Title:
Method for coupling stiffening profile elements and structural component
United States Patent 8715808
Abstract:
This invention provides a coupling method for coupling a first and a second stiffening profile element for an outer skin of an aircraft or space craft. In a first step the stiffening profile elements are arranged on the outer skin in such a manner that the stiffening profile elements oppose each other with their respective front sides and enclose within themselves a cavity. Furthermore, a fixing hole is formed through a wall of at least one of the stiffening profile elements in the cavity inside a coupling zone of the stiffening profile element. An access opening is formed through the wall in the cavity along the coupling zone. A coupling strap, which couples the stiffening profile elements together, is fastened to the coupling zone by means of a fastening element guided through the fixing hole.


Inventors:
Roming, Thorsten (Himmelpforten, DE)
Schroeer, Thorsten (Buxtehude, DE)
Kirstein, Hauke (Ellerau, DE)
Gensch, Hinnik (Hamburg, DE)
Tacke, Stefan (Buxtehude, DE)
Application Number:
12/666605
Publication Date:
05/06/2014
Filing Date:
06/19/2008
Assignee:
Airbus Operations GmbH (Hamburg, DE)
Primary Class:
Other Classes:
29/428, 244/131, 428/57, 428/58, 428/61, 428/77, 428/113, 428/114, 428/134, 428/137, 428/138, 428/178, 428/188, 428/189, 428/192, 428/213, 428/223
International Classes:
B32B3/06; B32B3/10; B32B3/24; B32B3/28; B32B5/12; B32B7/08; B64C1/06; B64F5/00
Field of Search:
52/846, 244/158.1, 244/118.1, 244/131
View Patent Images:
US Patent References:
20130181092DEVICE AND METHOD FOR ASSEMBLING TWO SECTIONS OF AIRCRAFT FUSELAGE2013-07-18Cacciaguerra et al.244/131
8480031Aircraft including stiffener edge junctions and method for producing one such aircraft2013-07-09Gauthie et al.244/120
8371529Interconnection and aircraft or spacecraft having such an interconnection2013-02-12Tacke et al.244/119
8302909Splicing of omega-shaped stiffeners at a circumferential joint in an aircraft fuselage2012-11-06Cazeneuve et al.244/120
8087614Stringer for an aircraft wing and a method of forming thereof2012-01-03Childs244/123.8
8074694Stringer transition method2011-12-13Brook et al.156/523
7938367Stringers assembled at a circumferential joint of an airplane fuselage2011-05-10Jarsaillon et al.244/131
7823362Splice plate for stringers and orbital joining device2010-11-02Meyer52/713
7074474Composite material-stiffened panel and manufacturing method thereof2006-07-11Toi et al.428/102
20060060705Splice joints for composite aircraft fuselages and other structures2006-03-23Stulc et al.244/119
6601349Free-standing panel wall system2003-08-05Corden52/36.5
6314630Determinant wing assembly2001-11-13Munk
4828202Method and apparatus for wideband vibration damping of reinforced skin structures1989-05-09Jacobs et al.244/117R
2945653Aircraft skin construction1960-07-19Atkin244/119
2650185Method of bonding faying surfaces of metallic members1953-08-25Larson
2382358Stressed skin airfoil joint1945-08-14Watter244/131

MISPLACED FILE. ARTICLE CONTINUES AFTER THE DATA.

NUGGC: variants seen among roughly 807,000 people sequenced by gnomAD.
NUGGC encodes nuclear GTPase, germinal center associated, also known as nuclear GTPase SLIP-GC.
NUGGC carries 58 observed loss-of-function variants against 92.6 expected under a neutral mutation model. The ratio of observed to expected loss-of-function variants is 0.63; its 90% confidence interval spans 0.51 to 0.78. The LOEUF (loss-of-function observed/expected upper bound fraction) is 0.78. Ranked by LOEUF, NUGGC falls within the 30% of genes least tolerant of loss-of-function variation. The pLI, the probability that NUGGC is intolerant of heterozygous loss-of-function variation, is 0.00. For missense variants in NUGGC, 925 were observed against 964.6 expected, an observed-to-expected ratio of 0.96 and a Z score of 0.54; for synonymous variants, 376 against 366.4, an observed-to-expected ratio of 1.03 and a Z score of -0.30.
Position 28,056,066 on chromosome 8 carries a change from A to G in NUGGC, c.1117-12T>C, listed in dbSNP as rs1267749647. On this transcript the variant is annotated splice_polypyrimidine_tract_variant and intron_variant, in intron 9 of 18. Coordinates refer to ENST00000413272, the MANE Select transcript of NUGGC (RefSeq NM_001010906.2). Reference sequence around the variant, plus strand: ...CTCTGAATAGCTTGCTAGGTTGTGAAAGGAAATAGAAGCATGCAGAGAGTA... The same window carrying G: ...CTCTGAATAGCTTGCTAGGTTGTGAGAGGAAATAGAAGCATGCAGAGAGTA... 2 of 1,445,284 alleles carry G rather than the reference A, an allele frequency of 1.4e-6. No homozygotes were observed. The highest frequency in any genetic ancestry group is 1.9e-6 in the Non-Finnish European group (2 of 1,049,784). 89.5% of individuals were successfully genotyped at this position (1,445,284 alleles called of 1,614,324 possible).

2379352Aircraft wing1945-06-26Hardman244/124
2367750Aircraft construction1945-01-23Berkow et al.244/123.2
1743327Structural metal member1930-01-14Dornier52/634
Foreign References:
EP12168162002-06-26Composite material stiffened panel and manufacturing method thereof
SU967017A11991-10-30STRINGER OF AIRCRAFT PANEL
Other References:
English Abstract of SU 967017 A1, Oct. 1991.
Primary Examiner:
Austin, Aaron
Assistant Examiner:
Vonch, Jeff
Attorney, Agent or Firm:
Maginot, Moore & Beck LLP
Parent Case Data:

CROSS-REFERENCE TO RELATED APPLICATIONS

This application claims the benefit of U.S. Provisional Application No. 60/937,063, filed Jun. 25, 2007 and German Patent Application No. 10 2007 029 500.8, filed Jun. 25, 2007, the entire disclosures of which are herein incorporated by reference.

Claims:
The invention claimed is:

1. A coupling method for coupling a first and a second stiffening profile element for an outer skin of an aircraft or spacecraft, with the steps: arranging of the stiffening profile elements on the outer skin so that the stiffening profile elements oppose each other with a respective front side, and each enclosing between a portion of itself and the outer skin a cavity; forming of a fixing hole by a wall of at least one of the stiffening profile elements into the cavity, within a coupling zone of the stiffening profile element; forming of an access opening into the cavity through the wall, along the coupling zone such that an opening of the fixing hole into the cavity can be seen from outside the cavity through the access opening; wherein the access opening is designed as a slot running in the longitudinal direction of a roof section of the stiffening profile element, which slot, opens into the front side of the stiffening profile element and extends along the coupling zone, and fastening a coupling strap, which couples together the stiffening profile elements, to the coupling zone by means of a fastening element guided through the fixing hole.

2. The coupling method according to claim 1, wherein the forming of the fixing hole the forming of the access opening and the fastening of the coupling strap take place on the first and on the second stiffening profile element.

3. The coupling method according to claim 1,wherein the forming of the fixing hole is carried out by machining, and further in that a step of removing of chips from the cavity is provided through the access opening.

4. The coupling method according to claim 1, wherein furthermore a step of reinforcing of the wall of the stiffening profile element is provided in the coupling zone.